Larry Powell, Gardner business and economic development director, said he had been approached by a concerned citizen earlier, but they were no longer in attendance. Speaking for them, Powell said they were concerned about the types of materials the store would be built out of, and thinks it should be original brick and mortar to fit with the historic nature of downtown Gardner. They were also concerned that the new plan was scrunched up, and KDOT’s traffic study with the left turn into entrance.
During the commission discussion after the public hearing was closed, Heath Freeman, planning commissioner, inquired about signage and a speed bump to deter traffic exiting.
Bahr, said a proposed median strip for traffic calming was in the design, and a sign would be placed alerting people that West Shawnee is not a through street.
“The main difference is the store has been moved over a little to the west, so things are a little tighter,” he said.
Freeman said these things are not taken lightly. “We’ve looked at traffic from a street perspective and the site itself,” he said. “We’ve talked about the exit to the north side each time and the building essentials of facades. We will continue with plan already approved.”
Powell asked if the traffic study of West Shawnee looked at pedestrian traffic from sidewalk to building accessible entry.
Fogarty, project manager with Premier Civil Engineering, said when they initially came to Gardner the plan was to never put an entrance on Shawnee Street, and that this was decided by KDOT.
“The standpoint of traffic and pedestrians were not accounted for because the intention was to never use Shawnee,” he said. “Things were compromised such as the drive through on the west side is now on the east side, and the six foot fence is now a masonry wall of three feet.”
Fogarty said that CVS had set the bar pretty high with this site, and it has evolved over the past year. “I stood there and said `no, no entrance on Shawnee Street.` Staff decided in a meeting to use Shawnee,” he said. “There was no intent to hurt anyone or the kids. I have three kids. I’d have the same concerns.”
But Fogarty said it is a small building compared to most CVS Pharmacies, and that peak traffic is very mild compared to other cities.
Freeman said there are concerns for residents and their displacement who reside in the properties owned by the individual who sold those properties.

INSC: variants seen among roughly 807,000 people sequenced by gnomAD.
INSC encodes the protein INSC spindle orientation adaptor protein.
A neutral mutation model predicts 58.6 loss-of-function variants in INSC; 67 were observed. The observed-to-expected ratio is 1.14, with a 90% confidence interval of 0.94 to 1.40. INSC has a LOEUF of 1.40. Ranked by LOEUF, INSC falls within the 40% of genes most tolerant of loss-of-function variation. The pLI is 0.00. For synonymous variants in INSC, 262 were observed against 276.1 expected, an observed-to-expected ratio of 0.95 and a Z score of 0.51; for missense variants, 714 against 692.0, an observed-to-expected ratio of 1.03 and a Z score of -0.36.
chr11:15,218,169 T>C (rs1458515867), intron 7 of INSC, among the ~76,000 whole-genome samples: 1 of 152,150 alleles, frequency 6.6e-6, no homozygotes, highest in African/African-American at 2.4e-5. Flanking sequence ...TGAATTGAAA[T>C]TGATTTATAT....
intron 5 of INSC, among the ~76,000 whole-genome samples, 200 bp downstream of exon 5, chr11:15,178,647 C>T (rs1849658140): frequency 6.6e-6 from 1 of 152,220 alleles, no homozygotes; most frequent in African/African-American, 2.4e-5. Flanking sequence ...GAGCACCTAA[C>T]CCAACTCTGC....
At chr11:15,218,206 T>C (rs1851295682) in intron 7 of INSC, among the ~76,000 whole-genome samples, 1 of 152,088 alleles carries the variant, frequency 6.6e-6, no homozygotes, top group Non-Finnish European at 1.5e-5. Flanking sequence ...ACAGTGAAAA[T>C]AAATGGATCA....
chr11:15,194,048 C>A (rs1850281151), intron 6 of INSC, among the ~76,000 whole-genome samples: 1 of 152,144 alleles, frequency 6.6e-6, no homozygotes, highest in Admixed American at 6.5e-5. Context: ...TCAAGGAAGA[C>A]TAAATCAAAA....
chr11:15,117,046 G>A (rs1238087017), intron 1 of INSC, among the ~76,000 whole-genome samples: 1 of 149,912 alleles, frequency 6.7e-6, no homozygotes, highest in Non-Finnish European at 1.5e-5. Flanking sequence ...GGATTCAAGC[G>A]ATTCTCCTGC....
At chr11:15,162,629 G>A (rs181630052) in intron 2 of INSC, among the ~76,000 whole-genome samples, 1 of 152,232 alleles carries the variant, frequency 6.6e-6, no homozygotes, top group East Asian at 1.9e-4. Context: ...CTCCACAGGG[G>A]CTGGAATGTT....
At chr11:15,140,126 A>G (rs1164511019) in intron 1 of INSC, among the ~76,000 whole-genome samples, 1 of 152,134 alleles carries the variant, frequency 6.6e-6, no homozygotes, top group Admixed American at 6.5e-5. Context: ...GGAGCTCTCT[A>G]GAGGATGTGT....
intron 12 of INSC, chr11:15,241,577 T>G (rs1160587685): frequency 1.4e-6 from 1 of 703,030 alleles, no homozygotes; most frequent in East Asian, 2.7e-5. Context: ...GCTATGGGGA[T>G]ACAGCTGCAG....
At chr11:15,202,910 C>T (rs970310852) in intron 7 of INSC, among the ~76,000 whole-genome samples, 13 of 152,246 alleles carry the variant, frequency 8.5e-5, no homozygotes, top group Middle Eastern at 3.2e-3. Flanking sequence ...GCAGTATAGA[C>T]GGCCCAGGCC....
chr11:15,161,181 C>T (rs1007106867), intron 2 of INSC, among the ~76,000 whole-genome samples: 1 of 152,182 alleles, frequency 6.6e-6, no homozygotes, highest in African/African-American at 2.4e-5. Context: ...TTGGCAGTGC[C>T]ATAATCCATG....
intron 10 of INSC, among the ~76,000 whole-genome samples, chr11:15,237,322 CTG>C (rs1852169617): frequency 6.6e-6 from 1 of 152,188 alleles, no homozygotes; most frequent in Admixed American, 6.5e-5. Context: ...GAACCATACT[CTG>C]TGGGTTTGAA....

Residents had more questions during the commission discussion and were allowed to again address commissioners.
Coles said they needed to look at the big picture of the CVS plan.
“It continually has deviations far from the comprehensive plan,” she said. “This is a special corner because it is across from the funeral home, and it should maintain the downtown corridor building look and have the character of Gardner. As a community that’s what we came to expect.”
Hale had concerns about the proposed median on Shawnee and asked if it was a concrete barrier or exit stip.
Bahr said it was raised concrete.
“That looks like it’s blocking my driveway to turn left,” Hale said. “People that live there can’t turn right.”
Commissioners looked at the drawing and told Hale it is at the edge of the property line and won’t block driveway exits.
Hale, also asked about the greenspace between the property lines and parking lot. Fogarty said because the plan had shifted three feet to the west that three feet of greenspace had been lost.
Residents were also concerned about Shawnee street not being very wide and that the median would block street parking.
Powell said they could adjust the size width and length of the median with city public works.
“People need to get in and out of driveways, “ he said. “The purpose is to get people to turn into the neighborhood but not impede residents.”
Adrianna Meder, chairman, said it was an emotional issue.
“I would feel the same if this was going into my backyard,” she said. “But CVS came to us a long time ago with revision after revision and hung in there determined to work in the space.”
The plan was approved with one dissent from Tim Brady, commissioner.
The 9,516 square feet retail commercial pharmacy building with some stipulations will be built at the Northwest Corner of West Main and North Center Streets. All plans can be found on the City of Gardner website.
Residents discuss CVS